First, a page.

You wouldn’t want your golf bag to contain only putters, or your pen case only red pens. Why would you want your workforce to consist entirely of by-the-numbers types whose impressive, “practical” degrees serve only to mask deficient “soft skills”?
You wouldn’t. And you shouldn’t. Your workforce should be as diverse as the population from which it draws, and one measure of that diversity must be educational. To wit: your workforce should feature a healthy share of creative degree-holders.
There’s no shortage of institutions minting creative degree-holders, from first-rate digital arts schools like Centre for Arts and Technology to innovative community colleges in your own backyard. If you invest a modicum of time and effort in finding and recruiting them, they’re yours for the taking. Here’s why you might want to do just that.
1. They’re More Likely to See Solutions You Don’t
Creatives are more likely to see solutions to seemingly intractable challenges. If you’re racing against the clock to solve mission-critical problems, you can’t afford not to have such outside-the-box thinkers on your team.
2. They’re Inquisitive
Creatives tend to ask the “next question” — probing for weaknesses and opportunities that less inquisitive types might let lay pat. This strength is particularly important in customer interactions; if you hire creatives nowhere else, be sure to add them to your customer-facing team.
3. They Tend to Be Empathetic
While they’re not exactly monolithic, creatives do tend to be more empathetic than all-business types. This is another argument for placing them in high-visibility roles within your organization.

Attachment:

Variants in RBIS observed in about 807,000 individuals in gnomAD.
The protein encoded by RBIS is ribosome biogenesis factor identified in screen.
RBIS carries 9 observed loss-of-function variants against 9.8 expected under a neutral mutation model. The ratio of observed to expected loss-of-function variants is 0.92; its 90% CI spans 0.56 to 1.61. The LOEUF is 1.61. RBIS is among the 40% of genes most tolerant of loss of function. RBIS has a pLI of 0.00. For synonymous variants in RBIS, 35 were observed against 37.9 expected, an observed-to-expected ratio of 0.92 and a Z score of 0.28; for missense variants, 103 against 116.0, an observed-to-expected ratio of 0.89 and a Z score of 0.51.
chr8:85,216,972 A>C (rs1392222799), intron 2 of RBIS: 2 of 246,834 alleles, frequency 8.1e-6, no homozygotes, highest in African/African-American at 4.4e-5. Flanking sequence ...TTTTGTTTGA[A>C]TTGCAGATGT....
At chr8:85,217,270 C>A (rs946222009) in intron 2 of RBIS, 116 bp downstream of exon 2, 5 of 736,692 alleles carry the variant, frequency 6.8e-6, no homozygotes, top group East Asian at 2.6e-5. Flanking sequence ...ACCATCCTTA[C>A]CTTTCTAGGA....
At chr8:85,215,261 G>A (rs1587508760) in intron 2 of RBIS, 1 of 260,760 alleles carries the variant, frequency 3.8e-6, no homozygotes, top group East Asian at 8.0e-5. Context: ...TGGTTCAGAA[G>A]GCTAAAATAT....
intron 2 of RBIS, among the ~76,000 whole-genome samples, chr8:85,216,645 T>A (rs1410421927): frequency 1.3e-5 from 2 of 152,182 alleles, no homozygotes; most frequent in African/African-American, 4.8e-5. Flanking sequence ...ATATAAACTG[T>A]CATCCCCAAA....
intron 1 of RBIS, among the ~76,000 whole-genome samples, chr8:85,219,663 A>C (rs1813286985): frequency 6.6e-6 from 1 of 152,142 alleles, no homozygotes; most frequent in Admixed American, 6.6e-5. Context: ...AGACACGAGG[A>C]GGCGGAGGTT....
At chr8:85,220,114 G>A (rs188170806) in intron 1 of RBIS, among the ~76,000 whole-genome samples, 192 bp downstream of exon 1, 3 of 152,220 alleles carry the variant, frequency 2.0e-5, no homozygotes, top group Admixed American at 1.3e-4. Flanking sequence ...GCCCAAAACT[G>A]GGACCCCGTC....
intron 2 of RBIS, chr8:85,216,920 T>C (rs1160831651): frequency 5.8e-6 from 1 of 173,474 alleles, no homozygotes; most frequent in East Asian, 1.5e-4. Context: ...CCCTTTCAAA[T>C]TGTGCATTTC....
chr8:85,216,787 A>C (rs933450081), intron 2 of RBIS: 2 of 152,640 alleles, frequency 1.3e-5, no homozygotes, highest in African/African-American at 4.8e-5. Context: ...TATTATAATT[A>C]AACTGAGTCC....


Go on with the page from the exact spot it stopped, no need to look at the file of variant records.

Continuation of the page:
4. They’re Less Susceptible to Tunnel Vision
Creatives’ problem-solving skills make them less susceptible to tunnel vision, a productivity-killing symptom of overwhelm. Because they’re outside-the-box thinkers, they’re more likely to step back and find ways around a jam, rather than trying to force their way through it.
5. They Often Go Off-Script (In a Good Way)
If you’re looking for a one- or two-word answer, you might not want to ask a creative. If, on the other hand, you’re seeking truly original feedback, you know where to turn. You may well discover the basis for your next breakout product in routine interactions with the more creative members of your staff.
6. Employers Are Worried About “Degree Inflation”
There’s some evidence that employers are beginning to worry about the risks of “degree inflation,” or the devaluation of formerly sought-after degrees. Some blue-chip firms are going so far as to hire college non-graduates to roles that formerly required four-year degrees. Under this framework, hiring creative degree-holders whose credentials don’t precisely align with a role’s requirements makes sense.
Think Outside the Career Box
It’s tempting to hire candidates whose CVs clearly check every possible job requirement box. On paper, they appear stronger than creatives who don’t seem to have been designed in a lab devoted to minting ideal job candidates. Those creatives may require training and coaching, after all; who has time for that?
They’re worth the investment, though. Given time and space, they’ll flourish; some may grow into truly indispensable employees. That’s why it’s so important to think outside the career box — and beyond the tactical here-and-now — when making long-term hiring decisions.